Equity, Diversity and Inclusion

Here's what's still holding working women back in 2018

It's International Women's Day 2018 but gender equality still feels light years away. Image: Karl Magnuson/Unsplash

Anna Bruce-Lockhart
Editorial Lead, World Economic Forum
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Gender Inequality

Women’s marches, protests and the #MeToo campaign may paint a picture of women smashing through centuries of sexual inequality, but in many, very measurable ways, the push for progress is far from over. Especially when it comes to that old-yet-not-outdated foe, the workplace glass ceiling.

Women are still paid less, female bosses are still in the minority and motherhood still carries the risk of total career derailment. And all this despite record numbers of women joining the workforce over the past decade.

So, what's going on? If almost half of all the world’s women are now in employment, according to the latest edition of the Global Gender Gap Report, why are only 31% leading their field? To mark International Women’s Day, we explore some of the most persistent forces working against women’s rise to the top, whether it’s the household chores that drag them out of the race for top jobs, the employer who sidelines them for taking time off, or the spiralling pensions deficit that leaves many near penniless in old age.

We’ve collected a few of these perspectives here.

1. It’s 2018 and yes, women are still paid less.

And may continue to be for another two centuries, according to Gender Gap data. British women, who earn nearly a fifth less than their male colleagues, "effectively work for free for the first 67 days of the year”, according to the TUC. You can find more surprising economic facts behind the gender wage gap in this video.

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2. There’s no refuge in retirement, either.

With women routinely earning less and for less time than men, many are entering retirement with rattling pension pots. It’s a disturbing prospect for many women, who require more money for healthcare and can reasonably expect to outlive men by a number of years. So why are retired women out of pocket?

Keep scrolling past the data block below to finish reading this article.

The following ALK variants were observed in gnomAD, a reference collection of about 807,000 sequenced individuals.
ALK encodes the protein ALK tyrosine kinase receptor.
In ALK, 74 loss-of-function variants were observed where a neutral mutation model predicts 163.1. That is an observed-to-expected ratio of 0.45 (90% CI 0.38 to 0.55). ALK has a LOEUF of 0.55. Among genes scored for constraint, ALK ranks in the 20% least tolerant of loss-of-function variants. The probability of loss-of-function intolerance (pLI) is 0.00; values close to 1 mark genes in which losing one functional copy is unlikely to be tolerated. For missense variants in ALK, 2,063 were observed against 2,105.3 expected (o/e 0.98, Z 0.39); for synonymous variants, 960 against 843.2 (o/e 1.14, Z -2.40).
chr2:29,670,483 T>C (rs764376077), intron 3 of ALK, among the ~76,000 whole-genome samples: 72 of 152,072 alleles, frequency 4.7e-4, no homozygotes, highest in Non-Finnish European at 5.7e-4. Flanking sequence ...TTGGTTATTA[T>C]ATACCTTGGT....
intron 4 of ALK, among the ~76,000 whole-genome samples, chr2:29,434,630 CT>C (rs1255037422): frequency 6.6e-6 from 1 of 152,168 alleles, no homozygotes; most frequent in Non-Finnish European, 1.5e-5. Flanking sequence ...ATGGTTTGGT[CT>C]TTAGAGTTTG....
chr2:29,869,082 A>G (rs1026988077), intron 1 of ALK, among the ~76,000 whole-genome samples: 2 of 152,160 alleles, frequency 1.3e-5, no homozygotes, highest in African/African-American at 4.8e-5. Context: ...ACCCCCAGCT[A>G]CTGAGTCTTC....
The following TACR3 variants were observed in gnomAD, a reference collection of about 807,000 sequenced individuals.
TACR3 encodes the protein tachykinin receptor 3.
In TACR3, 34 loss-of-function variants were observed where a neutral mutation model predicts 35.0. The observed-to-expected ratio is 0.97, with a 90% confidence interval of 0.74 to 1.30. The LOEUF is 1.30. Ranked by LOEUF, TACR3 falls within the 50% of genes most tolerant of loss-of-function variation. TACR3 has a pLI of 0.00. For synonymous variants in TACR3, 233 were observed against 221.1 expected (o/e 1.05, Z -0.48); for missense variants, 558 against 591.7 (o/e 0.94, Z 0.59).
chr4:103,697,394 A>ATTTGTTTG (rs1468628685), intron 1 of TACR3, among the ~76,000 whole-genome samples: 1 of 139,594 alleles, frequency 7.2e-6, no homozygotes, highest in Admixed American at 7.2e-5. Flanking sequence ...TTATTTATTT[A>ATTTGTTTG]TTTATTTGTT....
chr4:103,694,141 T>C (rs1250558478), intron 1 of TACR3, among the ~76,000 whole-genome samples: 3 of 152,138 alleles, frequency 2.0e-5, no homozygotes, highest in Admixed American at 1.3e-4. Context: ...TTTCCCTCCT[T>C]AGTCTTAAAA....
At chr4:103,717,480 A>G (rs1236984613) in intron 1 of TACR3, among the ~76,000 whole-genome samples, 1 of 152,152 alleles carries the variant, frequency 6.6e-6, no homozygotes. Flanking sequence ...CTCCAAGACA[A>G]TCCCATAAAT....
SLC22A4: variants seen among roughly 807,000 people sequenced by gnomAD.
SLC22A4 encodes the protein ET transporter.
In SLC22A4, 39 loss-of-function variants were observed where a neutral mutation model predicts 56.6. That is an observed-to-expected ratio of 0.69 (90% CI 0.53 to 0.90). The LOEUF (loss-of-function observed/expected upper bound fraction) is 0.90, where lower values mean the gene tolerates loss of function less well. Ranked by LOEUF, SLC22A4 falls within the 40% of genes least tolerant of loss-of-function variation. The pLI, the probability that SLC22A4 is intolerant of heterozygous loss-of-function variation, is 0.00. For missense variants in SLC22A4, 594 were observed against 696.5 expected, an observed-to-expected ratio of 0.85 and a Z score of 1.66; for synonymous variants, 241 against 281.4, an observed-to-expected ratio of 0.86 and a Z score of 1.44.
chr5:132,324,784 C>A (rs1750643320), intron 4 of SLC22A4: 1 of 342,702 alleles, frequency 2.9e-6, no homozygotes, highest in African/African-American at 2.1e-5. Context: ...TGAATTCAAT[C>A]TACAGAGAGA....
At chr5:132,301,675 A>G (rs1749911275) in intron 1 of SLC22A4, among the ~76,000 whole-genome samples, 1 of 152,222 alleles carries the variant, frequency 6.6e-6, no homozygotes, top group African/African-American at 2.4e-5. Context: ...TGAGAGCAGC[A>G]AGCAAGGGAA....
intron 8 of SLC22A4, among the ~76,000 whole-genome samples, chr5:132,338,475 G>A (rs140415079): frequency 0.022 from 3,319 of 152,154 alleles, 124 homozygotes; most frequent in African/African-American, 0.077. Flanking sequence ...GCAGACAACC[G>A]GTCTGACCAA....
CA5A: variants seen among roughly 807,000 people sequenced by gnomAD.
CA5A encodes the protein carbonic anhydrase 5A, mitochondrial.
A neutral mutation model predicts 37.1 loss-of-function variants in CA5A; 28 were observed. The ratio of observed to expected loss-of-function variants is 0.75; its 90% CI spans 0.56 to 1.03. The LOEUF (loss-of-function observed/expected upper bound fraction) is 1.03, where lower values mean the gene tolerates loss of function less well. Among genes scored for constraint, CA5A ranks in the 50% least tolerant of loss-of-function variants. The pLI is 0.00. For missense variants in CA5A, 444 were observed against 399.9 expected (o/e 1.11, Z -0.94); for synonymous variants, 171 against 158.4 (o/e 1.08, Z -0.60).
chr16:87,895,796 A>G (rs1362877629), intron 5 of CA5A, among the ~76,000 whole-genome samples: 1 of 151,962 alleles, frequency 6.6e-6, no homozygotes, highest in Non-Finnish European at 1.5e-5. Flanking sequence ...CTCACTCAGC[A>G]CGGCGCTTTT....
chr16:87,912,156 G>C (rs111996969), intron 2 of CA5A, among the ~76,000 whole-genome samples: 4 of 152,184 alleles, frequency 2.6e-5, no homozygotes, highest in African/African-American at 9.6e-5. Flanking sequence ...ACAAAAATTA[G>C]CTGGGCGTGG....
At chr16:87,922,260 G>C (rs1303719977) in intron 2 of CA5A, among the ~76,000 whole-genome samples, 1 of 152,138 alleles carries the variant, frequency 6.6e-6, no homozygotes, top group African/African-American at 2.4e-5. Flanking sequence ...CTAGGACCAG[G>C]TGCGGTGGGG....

3. #MeToo has left some working women out in the cold

The campaign has helped thousands of women stand up to sexual harassment, but it has had some unexpected consequences too. Many powerful men report feeling reluctant to sponsor female colleagues, for fear of rumours. Here's how companies can help

4. Domestic duties are slowing women's progress

Studies have shown that women shoulder most of the burden of housework and family care, even if they work as many employed hours as their partner. The constant round of wiping and worrying can have a corrosive effect, leaving them too weary to take on high-profile projects or compete for the top jobs. Is men’s aversion to chores stalling women’s careers?

5. No one will hire a stay-at-home mum - it's official

It turns out your reluctant-housewife friend was right: employers really do discriminate against women who take time out of work to look after children. Recent research has found that stay-at-home mothers are half as likely to be asked in for an interview than a woman who was employed but made redundant. So, what have companies got against housewives?

But it's not all bad

Despite this gathering of gloomy perspectives, more broadly the outlook is actually brightening for women in the working world. According to a recent PwC survey, women have become more ambitious than ever: 82% are confident they'll reach their career goals and 77% think they make a good leader. There's more: it turns out that when women negotiate for pay rises and promotions, they often succeed.

Here are 3 other things that can help women succeed at work.

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The views expressed in this article are those of the author alone and not the World Economic Forum.

Related topics:
Equity, Diversity and InclusionEducation and Skills
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